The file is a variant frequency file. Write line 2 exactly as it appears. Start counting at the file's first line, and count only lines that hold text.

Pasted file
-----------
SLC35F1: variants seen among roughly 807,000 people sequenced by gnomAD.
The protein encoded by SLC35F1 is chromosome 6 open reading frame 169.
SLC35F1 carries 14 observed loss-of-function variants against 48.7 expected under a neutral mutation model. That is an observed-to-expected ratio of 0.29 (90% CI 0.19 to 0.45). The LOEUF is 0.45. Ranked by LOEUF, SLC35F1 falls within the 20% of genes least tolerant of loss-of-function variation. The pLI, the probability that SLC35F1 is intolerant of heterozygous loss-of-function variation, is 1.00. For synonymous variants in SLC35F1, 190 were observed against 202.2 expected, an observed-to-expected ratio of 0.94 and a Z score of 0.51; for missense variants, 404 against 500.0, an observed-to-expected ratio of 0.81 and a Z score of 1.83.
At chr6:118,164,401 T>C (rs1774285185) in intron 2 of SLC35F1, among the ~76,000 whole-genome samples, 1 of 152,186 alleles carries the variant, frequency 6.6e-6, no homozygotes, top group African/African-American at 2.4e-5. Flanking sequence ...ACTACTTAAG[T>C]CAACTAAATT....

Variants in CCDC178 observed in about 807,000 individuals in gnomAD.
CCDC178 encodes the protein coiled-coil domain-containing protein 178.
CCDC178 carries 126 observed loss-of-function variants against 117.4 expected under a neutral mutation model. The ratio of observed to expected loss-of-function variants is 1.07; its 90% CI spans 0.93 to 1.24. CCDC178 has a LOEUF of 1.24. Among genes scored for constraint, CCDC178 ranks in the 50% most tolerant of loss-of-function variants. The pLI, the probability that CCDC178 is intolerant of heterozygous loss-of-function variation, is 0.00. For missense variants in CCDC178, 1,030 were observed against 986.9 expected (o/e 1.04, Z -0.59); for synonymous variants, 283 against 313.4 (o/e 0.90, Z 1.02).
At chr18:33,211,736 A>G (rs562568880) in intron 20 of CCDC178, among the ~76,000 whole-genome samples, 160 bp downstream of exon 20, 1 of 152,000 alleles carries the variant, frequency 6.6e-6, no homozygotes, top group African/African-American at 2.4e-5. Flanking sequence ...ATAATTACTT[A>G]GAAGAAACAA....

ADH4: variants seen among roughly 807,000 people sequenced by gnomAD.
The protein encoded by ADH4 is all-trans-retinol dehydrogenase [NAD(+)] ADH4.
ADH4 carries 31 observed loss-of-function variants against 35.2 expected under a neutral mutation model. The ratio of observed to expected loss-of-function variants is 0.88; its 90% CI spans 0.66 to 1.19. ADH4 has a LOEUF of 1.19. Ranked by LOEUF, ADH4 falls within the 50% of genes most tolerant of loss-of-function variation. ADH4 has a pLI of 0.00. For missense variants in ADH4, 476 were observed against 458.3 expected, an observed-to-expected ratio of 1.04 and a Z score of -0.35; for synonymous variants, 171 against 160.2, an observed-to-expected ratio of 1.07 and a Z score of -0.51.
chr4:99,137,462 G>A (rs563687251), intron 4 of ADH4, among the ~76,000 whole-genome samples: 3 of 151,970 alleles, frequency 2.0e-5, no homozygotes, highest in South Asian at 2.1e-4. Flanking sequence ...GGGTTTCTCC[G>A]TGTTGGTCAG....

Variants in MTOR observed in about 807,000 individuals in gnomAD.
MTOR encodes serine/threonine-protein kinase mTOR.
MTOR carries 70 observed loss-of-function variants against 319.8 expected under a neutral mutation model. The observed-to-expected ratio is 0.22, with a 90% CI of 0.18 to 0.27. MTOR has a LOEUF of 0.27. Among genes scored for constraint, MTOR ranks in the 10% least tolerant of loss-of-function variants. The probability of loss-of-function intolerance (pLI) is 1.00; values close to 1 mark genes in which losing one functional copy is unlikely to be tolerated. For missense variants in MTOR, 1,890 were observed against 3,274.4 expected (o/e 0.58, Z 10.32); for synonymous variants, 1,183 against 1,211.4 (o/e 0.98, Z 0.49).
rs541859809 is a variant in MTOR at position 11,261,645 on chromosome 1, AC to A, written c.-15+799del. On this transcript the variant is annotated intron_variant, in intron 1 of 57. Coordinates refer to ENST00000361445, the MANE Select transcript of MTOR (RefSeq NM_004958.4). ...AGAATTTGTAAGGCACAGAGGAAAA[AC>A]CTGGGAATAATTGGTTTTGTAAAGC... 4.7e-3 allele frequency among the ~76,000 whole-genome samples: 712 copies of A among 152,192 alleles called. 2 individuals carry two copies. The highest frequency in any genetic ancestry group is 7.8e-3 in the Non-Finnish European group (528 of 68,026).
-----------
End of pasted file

The protein encoded by SLC35F1 is chromosome 6 open reading frame 169.